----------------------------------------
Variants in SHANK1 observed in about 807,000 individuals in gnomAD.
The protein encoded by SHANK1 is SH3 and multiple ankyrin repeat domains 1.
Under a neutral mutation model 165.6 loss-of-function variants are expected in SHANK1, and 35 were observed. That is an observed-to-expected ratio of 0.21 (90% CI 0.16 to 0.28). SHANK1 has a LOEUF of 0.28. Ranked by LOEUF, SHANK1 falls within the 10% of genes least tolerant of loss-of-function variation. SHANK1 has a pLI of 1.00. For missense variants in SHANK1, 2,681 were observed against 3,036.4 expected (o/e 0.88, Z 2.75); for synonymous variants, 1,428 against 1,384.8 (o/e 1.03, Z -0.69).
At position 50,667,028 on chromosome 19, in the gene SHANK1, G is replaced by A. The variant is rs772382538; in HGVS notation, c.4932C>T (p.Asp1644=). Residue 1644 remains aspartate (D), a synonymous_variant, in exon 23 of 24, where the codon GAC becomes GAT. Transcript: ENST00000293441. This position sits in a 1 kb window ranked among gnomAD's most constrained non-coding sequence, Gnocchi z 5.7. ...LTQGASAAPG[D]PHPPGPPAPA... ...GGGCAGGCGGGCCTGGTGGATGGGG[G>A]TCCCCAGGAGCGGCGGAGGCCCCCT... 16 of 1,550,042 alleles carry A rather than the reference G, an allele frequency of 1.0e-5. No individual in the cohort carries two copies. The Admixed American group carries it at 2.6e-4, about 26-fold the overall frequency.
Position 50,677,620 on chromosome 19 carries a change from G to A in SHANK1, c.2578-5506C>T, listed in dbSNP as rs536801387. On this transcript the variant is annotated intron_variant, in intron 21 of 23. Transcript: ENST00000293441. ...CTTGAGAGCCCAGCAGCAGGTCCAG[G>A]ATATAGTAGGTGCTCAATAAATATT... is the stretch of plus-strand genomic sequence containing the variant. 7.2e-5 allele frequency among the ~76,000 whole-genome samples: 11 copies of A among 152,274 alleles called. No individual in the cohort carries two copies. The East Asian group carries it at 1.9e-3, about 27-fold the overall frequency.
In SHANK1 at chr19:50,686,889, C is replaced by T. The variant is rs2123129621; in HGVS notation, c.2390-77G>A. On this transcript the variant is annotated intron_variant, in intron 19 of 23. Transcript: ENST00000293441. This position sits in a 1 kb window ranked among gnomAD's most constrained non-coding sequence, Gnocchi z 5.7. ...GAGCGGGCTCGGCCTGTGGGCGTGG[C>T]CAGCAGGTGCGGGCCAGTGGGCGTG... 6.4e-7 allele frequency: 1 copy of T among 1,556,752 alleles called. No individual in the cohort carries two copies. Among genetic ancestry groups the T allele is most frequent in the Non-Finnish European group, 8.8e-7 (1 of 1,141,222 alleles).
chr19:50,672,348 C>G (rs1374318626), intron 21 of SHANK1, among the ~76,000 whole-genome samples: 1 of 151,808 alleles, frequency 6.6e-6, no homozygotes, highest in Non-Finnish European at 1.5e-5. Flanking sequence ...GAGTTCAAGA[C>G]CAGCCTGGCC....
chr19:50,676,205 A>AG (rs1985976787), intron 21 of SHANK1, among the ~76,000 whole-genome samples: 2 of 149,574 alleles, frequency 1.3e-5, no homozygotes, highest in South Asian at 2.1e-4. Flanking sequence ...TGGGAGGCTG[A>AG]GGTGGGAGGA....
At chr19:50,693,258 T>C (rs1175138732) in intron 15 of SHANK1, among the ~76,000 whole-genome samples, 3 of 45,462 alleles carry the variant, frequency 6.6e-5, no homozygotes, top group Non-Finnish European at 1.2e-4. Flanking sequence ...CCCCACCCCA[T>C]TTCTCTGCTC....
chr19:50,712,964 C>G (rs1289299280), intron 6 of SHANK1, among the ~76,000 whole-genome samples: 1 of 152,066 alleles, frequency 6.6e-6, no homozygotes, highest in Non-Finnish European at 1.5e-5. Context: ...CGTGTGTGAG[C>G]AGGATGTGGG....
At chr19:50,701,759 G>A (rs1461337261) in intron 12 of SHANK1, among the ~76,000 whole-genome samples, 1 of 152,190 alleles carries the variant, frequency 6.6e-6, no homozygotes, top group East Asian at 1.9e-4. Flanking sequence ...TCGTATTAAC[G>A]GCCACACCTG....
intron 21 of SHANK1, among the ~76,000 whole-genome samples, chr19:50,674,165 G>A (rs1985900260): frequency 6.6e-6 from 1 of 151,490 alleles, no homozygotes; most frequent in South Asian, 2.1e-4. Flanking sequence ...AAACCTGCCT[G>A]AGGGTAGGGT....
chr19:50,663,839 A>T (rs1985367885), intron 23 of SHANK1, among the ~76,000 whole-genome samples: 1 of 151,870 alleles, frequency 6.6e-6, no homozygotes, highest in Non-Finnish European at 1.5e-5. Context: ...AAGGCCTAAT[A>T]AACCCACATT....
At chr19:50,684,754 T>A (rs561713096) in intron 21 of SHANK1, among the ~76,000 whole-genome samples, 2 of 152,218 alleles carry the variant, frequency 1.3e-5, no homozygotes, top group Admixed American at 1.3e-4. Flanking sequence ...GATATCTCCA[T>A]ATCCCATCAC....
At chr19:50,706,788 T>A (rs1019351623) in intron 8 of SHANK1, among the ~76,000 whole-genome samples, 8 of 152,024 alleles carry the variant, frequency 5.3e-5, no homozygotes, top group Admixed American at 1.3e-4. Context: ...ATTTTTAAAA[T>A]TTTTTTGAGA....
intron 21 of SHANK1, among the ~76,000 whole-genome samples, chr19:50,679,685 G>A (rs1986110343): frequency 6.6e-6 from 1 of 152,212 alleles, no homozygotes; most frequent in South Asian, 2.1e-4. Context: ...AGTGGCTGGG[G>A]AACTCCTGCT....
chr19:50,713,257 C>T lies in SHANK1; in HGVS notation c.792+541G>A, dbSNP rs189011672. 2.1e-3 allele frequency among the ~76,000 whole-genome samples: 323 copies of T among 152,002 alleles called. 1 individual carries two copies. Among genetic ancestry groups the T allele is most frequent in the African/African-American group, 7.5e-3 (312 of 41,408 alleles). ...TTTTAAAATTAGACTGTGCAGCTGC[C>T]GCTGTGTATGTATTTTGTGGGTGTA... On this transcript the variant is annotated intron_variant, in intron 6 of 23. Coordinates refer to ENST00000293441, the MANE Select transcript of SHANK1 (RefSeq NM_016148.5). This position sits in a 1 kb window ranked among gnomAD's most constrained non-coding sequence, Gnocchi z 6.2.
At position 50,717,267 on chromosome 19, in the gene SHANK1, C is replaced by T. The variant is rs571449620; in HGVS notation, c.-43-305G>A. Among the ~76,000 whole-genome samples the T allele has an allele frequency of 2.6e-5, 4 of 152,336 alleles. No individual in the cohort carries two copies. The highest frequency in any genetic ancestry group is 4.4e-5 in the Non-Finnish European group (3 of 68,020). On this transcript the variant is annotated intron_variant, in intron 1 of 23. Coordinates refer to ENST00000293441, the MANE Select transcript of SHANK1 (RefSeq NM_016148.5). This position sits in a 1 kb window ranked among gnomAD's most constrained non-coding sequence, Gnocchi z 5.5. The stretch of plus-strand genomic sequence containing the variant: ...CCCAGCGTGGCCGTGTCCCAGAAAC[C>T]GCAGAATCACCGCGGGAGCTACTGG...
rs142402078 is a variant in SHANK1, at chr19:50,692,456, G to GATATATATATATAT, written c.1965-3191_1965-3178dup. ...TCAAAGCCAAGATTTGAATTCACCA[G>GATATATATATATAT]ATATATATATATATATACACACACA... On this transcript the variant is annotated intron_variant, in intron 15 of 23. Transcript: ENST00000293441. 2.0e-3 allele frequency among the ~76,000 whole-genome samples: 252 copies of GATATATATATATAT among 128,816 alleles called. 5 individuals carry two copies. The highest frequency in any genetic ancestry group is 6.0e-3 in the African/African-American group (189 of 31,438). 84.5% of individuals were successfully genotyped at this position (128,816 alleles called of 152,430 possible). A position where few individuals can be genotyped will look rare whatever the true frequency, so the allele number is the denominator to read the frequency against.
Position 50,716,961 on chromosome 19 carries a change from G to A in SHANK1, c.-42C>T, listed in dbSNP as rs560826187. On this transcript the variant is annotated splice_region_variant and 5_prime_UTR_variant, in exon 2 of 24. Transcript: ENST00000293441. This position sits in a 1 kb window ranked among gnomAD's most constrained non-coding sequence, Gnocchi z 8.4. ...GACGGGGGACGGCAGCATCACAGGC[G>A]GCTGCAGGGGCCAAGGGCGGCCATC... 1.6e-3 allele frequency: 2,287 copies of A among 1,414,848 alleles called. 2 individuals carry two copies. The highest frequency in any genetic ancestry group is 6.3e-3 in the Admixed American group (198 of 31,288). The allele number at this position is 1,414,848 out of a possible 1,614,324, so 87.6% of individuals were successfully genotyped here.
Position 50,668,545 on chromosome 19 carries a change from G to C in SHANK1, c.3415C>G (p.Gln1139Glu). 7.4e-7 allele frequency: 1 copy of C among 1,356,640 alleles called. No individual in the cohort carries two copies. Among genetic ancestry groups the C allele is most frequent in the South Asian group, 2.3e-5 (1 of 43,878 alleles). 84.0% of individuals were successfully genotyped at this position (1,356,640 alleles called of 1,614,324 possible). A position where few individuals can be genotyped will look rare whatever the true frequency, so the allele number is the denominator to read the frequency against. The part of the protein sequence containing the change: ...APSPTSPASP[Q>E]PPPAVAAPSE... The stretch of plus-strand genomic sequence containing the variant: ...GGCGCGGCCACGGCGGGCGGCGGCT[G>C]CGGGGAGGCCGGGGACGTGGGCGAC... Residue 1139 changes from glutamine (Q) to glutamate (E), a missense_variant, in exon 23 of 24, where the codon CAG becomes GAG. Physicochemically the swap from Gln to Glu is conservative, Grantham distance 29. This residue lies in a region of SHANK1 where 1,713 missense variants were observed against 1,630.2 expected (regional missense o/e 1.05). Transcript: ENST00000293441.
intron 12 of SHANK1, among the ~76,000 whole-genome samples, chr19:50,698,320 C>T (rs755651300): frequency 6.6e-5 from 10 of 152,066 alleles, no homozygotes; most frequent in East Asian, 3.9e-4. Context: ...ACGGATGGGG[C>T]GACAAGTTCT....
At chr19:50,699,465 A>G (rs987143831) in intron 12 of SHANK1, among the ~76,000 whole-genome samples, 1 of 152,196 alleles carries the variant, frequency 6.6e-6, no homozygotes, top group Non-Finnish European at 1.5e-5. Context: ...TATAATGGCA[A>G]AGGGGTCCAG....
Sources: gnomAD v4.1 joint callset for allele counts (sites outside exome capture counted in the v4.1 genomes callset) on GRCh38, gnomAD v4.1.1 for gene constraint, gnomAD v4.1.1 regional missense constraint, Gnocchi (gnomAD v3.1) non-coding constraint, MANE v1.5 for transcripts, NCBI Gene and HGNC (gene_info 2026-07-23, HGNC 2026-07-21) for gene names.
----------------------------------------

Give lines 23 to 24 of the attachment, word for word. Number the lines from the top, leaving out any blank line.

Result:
At chr19:50,699,465 A>G (rs987143831) in intron 12 of SHANK1, among the ~76,000 whole-genome samples, 1 of 152,196 alleles carries the variant, frequency 6.6e-6, no homozygotes, top group Non-Finnish European at 1.5e-5. Context: ...TATAATGGCA[A>G]AGGGGTCCAG....
Sources: gnomAD v4.1 joint callset for allele counts (sites outside exome capture counted in the v4.1 genomes callset) on GRCh38, gnomAD v4.1.1 for gene constraint, gnomAD v4.1.1 regional missense constraint, Gnocchi (gnomAD v3.1) non-coding constraint, MANE v1.5 for transcripts, NCBI Gene and HGNC (gene_info 2026-07-23, HGNC 2026-07-21) for gene names.